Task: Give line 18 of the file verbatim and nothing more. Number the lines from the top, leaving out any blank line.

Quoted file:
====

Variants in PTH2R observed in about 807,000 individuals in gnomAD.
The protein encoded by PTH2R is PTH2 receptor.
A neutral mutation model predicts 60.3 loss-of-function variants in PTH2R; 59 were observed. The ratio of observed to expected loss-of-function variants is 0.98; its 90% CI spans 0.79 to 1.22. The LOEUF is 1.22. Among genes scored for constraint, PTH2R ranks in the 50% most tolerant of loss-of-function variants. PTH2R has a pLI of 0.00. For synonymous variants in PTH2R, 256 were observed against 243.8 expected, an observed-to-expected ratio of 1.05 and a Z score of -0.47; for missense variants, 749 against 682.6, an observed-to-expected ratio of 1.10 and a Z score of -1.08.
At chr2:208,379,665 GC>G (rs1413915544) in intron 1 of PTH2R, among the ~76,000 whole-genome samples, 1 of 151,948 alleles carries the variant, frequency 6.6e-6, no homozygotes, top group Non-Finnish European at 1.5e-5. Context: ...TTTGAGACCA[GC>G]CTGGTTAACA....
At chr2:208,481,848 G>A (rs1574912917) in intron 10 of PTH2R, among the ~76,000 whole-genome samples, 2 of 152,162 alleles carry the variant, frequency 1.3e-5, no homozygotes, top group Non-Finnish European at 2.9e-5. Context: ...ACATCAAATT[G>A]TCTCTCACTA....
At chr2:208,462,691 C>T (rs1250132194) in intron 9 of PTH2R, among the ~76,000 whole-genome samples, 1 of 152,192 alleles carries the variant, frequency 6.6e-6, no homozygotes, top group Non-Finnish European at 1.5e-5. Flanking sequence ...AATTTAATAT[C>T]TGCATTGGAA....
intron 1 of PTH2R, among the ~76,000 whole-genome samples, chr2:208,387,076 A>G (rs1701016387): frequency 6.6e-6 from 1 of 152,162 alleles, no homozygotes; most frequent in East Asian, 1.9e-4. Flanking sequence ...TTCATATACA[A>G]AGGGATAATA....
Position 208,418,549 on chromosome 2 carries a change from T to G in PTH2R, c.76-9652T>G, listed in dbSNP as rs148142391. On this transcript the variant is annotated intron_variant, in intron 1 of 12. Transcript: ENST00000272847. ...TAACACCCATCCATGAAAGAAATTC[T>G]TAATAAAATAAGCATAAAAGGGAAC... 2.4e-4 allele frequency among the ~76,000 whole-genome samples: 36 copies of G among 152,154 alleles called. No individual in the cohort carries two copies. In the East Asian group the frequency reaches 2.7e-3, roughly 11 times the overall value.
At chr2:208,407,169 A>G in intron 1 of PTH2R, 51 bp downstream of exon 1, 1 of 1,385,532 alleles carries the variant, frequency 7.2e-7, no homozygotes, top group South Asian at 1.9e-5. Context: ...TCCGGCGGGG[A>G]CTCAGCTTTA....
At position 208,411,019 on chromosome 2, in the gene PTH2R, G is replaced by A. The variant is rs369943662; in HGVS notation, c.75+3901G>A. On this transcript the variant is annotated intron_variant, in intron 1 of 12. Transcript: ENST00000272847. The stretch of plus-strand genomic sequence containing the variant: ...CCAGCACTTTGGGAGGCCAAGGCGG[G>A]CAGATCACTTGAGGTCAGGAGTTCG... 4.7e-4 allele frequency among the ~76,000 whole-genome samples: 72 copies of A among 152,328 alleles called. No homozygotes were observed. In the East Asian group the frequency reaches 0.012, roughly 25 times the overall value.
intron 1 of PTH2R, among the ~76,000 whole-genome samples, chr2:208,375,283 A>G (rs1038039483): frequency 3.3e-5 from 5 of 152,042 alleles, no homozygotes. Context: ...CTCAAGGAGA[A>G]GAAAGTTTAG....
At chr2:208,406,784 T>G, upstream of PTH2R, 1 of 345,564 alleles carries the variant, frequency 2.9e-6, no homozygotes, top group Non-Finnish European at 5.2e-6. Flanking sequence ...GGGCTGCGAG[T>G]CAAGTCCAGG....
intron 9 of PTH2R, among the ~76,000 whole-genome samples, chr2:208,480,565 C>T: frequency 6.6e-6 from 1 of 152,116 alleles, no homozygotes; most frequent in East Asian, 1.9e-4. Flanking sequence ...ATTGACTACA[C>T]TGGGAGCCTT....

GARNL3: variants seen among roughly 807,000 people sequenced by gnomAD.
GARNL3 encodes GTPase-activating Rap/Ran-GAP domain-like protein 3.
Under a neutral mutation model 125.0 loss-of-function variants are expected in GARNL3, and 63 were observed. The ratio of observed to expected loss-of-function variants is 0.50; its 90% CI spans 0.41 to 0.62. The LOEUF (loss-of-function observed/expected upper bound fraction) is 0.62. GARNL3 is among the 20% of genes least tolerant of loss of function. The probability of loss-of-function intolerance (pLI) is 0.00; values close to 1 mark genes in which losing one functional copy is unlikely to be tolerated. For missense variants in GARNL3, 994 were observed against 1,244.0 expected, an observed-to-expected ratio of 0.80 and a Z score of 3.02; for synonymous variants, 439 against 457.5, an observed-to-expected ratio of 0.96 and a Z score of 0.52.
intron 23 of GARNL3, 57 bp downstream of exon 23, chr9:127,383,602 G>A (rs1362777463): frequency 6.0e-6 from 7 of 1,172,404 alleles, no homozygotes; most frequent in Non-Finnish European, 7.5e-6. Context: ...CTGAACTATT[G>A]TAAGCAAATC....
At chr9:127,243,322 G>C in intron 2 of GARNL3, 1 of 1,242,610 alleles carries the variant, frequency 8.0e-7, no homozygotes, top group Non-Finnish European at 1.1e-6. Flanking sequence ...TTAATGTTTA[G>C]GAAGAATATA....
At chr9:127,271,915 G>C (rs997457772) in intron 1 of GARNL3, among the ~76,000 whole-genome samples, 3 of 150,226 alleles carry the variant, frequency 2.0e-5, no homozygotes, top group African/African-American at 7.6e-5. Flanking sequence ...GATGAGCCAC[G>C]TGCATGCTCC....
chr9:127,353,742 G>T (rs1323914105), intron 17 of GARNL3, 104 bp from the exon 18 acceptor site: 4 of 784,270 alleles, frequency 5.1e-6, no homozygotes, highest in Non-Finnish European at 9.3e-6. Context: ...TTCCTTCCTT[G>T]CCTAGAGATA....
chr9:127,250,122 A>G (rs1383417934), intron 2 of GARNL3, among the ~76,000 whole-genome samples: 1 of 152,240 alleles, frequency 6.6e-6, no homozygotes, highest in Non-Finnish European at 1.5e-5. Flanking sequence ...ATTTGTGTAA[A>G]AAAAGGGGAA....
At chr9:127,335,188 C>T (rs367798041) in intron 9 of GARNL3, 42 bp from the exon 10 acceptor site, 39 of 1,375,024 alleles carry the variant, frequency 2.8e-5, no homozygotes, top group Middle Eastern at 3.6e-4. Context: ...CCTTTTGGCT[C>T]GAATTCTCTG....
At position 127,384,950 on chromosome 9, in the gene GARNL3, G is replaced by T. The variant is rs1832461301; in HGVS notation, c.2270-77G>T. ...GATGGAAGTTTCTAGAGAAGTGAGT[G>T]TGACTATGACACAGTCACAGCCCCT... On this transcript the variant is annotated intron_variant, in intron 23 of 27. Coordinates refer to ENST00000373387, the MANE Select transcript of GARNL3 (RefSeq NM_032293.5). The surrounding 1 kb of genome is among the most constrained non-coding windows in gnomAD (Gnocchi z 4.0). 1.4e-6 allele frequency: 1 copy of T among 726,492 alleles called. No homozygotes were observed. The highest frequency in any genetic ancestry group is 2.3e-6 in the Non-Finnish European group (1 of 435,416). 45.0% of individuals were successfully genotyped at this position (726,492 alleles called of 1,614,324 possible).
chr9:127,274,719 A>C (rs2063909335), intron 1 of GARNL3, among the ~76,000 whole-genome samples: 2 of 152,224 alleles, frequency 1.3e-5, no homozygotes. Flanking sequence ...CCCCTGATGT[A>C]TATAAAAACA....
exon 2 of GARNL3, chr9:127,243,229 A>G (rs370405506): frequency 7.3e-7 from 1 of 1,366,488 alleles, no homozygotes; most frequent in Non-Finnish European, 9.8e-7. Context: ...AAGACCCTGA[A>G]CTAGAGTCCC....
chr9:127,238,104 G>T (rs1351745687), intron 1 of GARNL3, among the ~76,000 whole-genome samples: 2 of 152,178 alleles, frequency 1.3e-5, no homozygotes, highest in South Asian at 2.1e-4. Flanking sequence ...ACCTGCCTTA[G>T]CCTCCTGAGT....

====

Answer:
At chr9:127,243,322 G>C in intron 2 of GARNL3, 1 of 1,242,610 alleles carries the variant, frequency 8.0e-7, no homozygotes, top group Non-Finnish European at 1.1e-6. Flanking sequence ...TTAATGTTTA[G>C]GAAGAATATA....